On January 1, 2022, minimum wage across Ontario increased to $15 per hour — a victory won as a result of over a decade of tireless work led by workers, community organizers, and policy advocates.
The Workers’ Action Centre — a worker-based organization in Toronto committed to improving the lives and working conditions of people in low-wage and unstable employment — has been at the heart of this work, steering a movement led by workers for workers.
The Metcalf Foundation, the Atkinson Foundation, and Maytree, are long-term funders of the Workers’ Action Centre (WAC) and the Ontario Employment, Education & Research Centre (OEERC), supporting their efforts to achieve decent work for all.
WAC has done amazing work over this period, building the alliances and capacity necessary to advocate for decent work, while demonstrating what real organizing for change looks like over the long-term. The organizing that WAC has driven in Ontario — led by immigrant and racialized workers in neighbourhoods across the Greater Toronto Area — has not only shaped the agenda in Ontario, but the national conversation.
WAC’s campaigns throughout the years, like the Fight for $15 & Fairness, have been based in conversations with workers across the province about what they need to survive and what they are willing to fight for. Working with the Migrant Workers Alliance for Change has ensured migrant workers have been informed and part of this work. WAC’s success has also been supported by various community allies — including health care providers through the Decent Work and Health Network and business owners through the Better Way Alliance — all working together to strengthen the movement for workers’ rights and to increase pressure on government to act.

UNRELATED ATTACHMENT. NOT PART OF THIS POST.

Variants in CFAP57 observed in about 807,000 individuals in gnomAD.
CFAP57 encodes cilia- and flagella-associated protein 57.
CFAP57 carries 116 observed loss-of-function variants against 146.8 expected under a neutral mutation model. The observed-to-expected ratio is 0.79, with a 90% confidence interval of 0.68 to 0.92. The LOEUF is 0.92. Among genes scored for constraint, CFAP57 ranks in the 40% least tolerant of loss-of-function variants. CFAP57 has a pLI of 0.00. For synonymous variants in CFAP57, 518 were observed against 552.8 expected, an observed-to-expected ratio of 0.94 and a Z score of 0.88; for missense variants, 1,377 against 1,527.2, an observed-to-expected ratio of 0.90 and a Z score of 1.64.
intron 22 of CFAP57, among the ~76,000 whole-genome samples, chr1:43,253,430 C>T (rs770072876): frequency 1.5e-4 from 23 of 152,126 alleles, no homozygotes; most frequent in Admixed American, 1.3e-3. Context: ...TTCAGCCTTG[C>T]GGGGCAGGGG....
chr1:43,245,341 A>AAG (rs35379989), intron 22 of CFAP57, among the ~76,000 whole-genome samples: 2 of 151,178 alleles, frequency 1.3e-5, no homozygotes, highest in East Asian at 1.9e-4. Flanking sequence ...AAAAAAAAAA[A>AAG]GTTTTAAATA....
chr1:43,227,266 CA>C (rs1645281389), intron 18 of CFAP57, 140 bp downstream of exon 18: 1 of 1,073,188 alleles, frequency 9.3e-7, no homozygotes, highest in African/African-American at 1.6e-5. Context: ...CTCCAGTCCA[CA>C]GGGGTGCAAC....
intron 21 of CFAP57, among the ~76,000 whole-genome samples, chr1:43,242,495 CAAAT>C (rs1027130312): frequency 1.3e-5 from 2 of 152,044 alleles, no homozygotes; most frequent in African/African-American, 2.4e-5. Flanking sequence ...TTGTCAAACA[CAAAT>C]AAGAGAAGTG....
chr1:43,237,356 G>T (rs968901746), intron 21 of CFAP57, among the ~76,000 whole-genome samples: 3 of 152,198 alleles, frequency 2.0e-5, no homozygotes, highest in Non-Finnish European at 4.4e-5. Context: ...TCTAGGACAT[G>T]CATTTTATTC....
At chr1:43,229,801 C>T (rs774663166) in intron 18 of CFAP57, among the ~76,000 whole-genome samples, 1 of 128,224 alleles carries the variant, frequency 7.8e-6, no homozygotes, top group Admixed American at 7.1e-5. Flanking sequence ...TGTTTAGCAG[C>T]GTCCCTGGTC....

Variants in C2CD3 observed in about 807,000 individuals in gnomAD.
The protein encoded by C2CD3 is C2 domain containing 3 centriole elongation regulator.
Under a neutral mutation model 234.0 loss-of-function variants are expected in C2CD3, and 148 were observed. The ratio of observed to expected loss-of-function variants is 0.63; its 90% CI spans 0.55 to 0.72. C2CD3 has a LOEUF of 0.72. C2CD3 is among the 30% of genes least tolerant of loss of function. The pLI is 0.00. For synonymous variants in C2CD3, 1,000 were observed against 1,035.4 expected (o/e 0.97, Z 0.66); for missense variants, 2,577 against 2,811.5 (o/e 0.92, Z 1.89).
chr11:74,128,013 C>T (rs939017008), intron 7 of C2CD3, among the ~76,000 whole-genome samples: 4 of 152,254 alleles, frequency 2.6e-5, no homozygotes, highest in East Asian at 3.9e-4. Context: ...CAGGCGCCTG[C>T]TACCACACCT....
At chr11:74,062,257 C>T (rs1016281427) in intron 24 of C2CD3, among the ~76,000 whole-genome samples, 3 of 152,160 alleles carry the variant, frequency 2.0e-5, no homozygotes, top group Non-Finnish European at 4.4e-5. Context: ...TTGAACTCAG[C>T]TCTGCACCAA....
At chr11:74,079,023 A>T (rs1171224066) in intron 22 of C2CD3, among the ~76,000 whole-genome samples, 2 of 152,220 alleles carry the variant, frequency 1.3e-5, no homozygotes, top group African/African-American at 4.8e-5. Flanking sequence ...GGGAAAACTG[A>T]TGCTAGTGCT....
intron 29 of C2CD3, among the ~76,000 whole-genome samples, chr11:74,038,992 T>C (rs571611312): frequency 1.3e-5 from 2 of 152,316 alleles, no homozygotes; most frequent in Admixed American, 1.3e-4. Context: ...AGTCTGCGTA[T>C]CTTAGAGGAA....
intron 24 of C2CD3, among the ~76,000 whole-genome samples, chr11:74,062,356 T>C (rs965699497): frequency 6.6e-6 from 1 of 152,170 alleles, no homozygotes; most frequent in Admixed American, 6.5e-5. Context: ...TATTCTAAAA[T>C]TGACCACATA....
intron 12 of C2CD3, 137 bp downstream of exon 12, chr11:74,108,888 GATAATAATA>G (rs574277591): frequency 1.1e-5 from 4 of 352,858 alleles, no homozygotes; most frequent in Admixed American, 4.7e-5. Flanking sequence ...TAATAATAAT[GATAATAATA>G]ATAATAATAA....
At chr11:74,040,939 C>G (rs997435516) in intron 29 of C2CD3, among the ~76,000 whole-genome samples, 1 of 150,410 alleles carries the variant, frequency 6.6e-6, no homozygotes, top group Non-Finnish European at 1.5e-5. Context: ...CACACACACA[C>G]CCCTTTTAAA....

The Ontario Liberal government first committed to a $15 per hour minimum wage along with other enhanced workers’ rights in 2017 through Bill 148, the Fair Workplaces, Better Jobs Act. The increase was to come into effect on January 1, 2019. However, following the provincial election in 2018, the Ontario Conservative government cancelled the planned increase.
Despite the disappointment and dismay, WAC continued its organizing and advocacy efforts to raise the minimum wage. This ongoing pressure led the current government to finally bring the $15 per hour minimum wage back into legislation.
COVID-19 has put a spotlight on low wages, poor working conditions, and the importance of paid sick days — particularly in sectors deemed essential — and has reinforced the priorities in WAC’s new Justice for Workers campaign. A recent NOW Magazine feature shared the first-hand experiences of workers and why enhanced benefits and protections are needed.
While the minimum wage increase does indeed mark a significant milestone and victory for workers, it comes three years later than initially promised and in the midst of a pandemic that has brought into sharp relief how urgently measures are needed to protect all workers.